Eagle Market Place project gets $7 million in state funding, will go forward

The Del Cardo building, one of three historic buildings incorporated into the Eagle Market Place development project.

The Del Cardo building, one of three the Eagle Market Place project will renovate and turn into affordable housing, commercial and community space. (Photos by Bill Rhodes)

Leaders from the city of Asheville, Buncombe County, and the Block neighborhood joined together this morning, Aug. 27, to announce that the Eagle Market Place mixed-use project will move forward. Last Thursday, Aug. 23, the North Carolina Housing Finance Agency approved $7 million in funds for the $11.1 million project. The city and county will pitch in about $4 million.

“This is almost 20 years in the making,” said Asheville Mayor Terry Bellamy, who has often pushed for redevelopment of the area in her time on Council. “Since being elected to City Council, this is one thing the African-American community has talked about — that the city has turned its back on the community because this wasn’t done … Today we’re going to do something about it.”

The announcement was given in the lobby of the Del Cardo building, one of three — along with the Dr. Collette and Ritz buildings — that the project will restore.

“When I was growing up, this was the highlight of economic development for the African-American community,” Bellamy said. But the “urban renewal” of the 1970s devastated the area, leaving much of it abandoned for many years as several development proposals failed to get the necessary funding or approval.

Asheville Mayor Terry Bellamy announced that Eagle Market Place has enough funding from the state to go forward.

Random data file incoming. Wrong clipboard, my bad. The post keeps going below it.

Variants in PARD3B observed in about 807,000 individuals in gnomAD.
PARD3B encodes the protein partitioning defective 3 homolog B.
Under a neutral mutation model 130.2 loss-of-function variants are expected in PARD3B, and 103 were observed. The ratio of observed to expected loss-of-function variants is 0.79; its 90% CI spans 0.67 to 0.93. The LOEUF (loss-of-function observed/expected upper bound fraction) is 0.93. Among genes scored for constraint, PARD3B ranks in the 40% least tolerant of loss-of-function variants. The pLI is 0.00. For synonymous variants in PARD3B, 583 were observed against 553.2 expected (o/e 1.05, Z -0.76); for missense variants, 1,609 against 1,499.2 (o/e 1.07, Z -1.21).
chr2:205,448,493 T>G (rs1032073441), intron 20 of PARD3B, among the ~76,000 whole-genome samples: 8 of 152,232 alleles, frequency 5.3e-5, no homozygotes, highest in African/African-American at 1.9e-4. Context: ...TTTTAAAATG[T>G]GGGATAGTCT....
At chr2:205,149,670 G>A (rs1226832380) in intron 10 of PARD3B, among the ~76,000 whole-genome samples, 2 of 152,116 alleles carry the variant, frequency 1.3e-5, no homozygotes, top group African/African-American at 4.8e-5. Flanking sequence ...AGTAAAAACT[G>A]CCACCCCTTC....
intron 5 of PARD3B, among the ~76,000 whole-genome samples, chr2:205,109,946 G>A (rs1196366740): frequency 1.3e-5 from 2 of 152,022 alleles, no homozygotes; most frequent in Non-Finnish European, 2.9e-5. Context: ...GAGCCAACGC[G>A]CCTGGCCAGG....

As a partnership between the Eagle Market Streets Development Corporation and Mountain Housing Opportunities, Eagle Market Place will include affordable housing as well as commercial and community place. Stephanie Swepson-Twitty, the Development Corporation’s CEO, noted that before urban renewal, the area had 70 residences and 20 businesses. The new project will bring 62 units of housing and 15 to 20 businesses back to the Block. Rents for the housing will range from $200 to $780 a month.

“We have had strong community support,” Swepson-Twitty said. “We could not be more thankful today.”

“This is a game-changing event,” Board of Commissioners Chair David Gantt said. “We’ve got to give back, especially to a community that’s been ignored by everybody.”

Gantt touted estimates that the project will bring 500 construction jobs and 50 permanent jobs to the area.

Gene Ellison, a lawyer and former Council member active in the redevelopment of the area, said this was the best of the many plans he’d seen over the years and teared up while remembering his late law partner Howard McGlohon.

Attorney Gene Ellison, active for many years in the Block’s redevelopment, cheering the news that the Eagle Market Place project will go forward

“We’re better when we work together,” Ellison noted. “I think that’s one thing you get about the Block. If you saw Goombay this weekend: how innovative, creative, diverse and inclusive it is.”

Construction of Eagle Market Place begins next year, and will be completed 18 to 24 months later.


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